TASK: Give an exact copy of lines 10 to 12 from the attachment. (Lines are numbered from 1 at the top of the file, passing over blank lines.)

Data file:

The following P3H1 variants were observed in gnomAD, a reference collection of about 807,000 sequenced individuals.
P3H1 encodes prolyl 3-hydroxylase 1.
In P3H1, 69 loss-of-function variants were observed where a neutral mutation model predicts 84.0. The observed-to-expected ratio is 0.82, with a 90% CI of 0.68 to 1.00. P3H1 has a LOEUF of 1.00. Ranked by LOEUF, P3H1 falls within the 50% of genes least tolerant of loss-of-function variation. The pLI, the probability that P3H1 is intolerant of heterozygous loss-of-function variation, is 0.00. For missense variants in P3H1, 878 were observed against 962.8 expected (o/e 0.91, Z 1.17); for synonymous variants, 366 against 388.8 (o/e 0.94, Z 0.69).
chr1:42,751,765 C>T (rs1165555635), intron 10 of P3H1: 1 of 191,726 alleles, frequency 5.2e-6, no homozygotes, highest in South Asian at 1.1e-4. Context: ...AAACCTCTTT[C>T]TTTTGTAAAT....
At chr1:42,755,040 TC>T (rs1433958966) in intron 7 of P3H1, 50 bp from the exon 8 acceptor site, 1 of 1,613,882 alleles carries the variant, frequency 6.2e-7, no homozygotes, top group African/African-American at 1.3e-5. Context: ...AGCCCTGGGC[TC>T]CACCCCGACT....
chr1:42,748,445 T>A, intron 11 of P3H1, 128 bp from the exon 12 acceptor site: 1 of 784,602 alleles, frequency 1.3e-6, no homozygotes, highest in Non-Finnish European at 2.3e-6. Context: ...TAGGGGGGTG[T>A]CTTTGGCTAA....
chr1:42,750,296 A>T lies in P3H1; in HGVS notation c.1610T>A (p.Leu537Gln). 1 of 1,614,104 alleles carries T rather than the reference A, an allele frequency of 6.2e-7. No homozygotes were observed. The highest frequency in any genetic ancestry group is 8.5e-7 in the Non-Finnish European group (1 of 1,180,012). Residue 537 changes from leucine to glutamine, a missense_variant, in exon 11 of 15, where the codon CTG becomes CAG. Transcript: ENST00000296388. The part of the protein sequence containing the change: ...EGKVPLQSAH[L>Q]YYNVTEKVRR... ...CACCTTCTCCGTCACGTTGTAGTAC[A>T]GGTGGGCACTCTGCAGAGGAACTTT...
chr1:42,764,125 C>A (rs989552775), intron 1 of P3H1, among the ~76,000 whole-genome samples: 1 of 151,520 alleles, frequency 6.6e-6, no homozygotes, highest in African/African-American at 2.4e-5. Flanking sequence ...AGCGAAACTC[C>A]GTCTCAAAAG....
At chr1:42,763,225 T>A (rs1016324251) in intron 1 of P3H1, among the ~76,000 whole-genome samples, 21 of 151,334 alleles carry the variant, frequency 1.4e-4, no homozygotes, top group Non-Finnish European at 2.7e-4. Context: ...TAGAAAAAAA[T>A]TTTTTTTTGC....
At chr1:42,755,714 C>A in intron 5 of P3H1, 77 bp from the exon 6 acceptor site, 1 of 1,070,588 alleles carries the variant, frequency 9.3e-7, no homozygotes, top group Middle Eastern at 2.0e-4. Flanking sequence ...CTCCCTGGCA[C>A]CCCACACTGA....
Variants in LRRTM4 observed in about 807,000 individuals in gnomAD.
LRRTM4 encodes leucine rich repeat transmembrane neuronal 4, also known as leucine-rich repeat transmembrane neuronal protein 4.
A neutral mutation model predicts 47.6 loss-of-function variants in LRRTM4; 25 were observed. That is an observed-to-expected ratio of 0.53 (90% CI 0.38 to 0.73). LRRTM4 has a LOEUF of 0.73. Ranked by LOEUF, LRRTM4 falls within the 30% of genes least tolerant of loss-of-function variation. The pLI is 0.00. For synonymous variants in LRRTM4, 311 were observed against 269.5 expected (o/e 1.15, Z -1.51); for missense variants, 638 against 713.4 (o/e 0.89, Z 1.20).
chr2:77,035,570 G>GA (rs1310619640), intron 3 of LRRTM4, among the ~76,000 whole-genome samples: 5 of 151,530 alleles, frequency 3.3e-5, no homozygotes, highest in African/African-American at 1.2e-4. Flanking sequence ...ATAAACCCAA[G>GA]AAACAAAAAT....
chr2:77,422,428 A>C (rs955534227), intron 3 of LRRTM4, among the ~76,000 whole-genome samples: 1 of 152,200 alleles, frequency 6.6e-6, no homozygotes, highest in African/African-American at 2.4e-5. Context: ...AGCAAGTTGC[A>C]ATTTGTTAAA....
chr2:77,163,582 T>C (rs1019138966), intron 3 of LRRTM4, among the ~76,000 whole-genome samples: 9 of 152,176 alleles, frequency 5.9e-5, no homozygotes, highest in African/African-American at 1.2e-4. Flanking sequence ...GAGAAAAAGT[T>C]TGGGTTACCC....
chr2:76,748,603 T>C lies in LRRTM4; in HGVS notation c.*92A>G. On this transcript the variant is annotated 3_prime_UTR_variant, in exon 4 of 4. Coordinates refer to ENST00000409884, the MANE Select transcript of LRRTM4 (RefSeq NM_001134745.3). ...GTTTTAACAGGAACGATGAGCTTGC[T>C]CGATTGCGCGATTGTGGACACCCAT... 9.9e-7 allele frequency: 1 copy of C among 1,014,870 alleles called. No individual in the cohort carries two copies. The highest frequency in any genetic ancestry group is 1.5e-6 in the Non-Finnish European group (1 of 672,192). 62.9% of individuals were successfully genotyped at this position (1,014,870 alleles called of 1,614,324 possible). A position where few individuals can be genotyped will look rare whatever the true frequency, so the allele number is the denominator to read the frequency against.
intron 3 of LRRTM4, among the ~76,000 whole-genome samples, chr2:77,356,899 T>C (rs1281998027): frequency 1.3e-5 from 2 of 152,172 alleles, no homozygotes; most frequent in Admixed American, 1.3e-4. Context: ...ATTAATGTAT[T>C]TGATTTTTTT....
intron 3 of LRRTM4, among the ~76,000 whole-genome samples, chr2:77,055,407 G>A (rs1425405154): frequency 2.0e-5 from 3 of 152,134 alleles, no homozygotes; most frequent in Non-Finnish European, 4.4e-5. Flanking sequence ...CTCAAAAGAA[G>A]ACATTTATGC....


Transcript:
At chr1:42,755,714 C>A in intron 5 of P3H1, 77 bp from the exon 6 acceptor site, 1 of 1,070,588 alleles carries the variant, frequency 9.3e-7, no homozygotes, top group Middle Eastern at 2.0e-4. Flanking sequence ...CTCCCTGGCA[C>A]CCCACACTGA....
Variants in LRRTM4 observed in about 807,000 individuals in gnomAD.
LRRTM4 encodes leucine rich repeat transmembrane neuronal 4, also known as leucine-rich repeat transmembrane neuronal protein 4.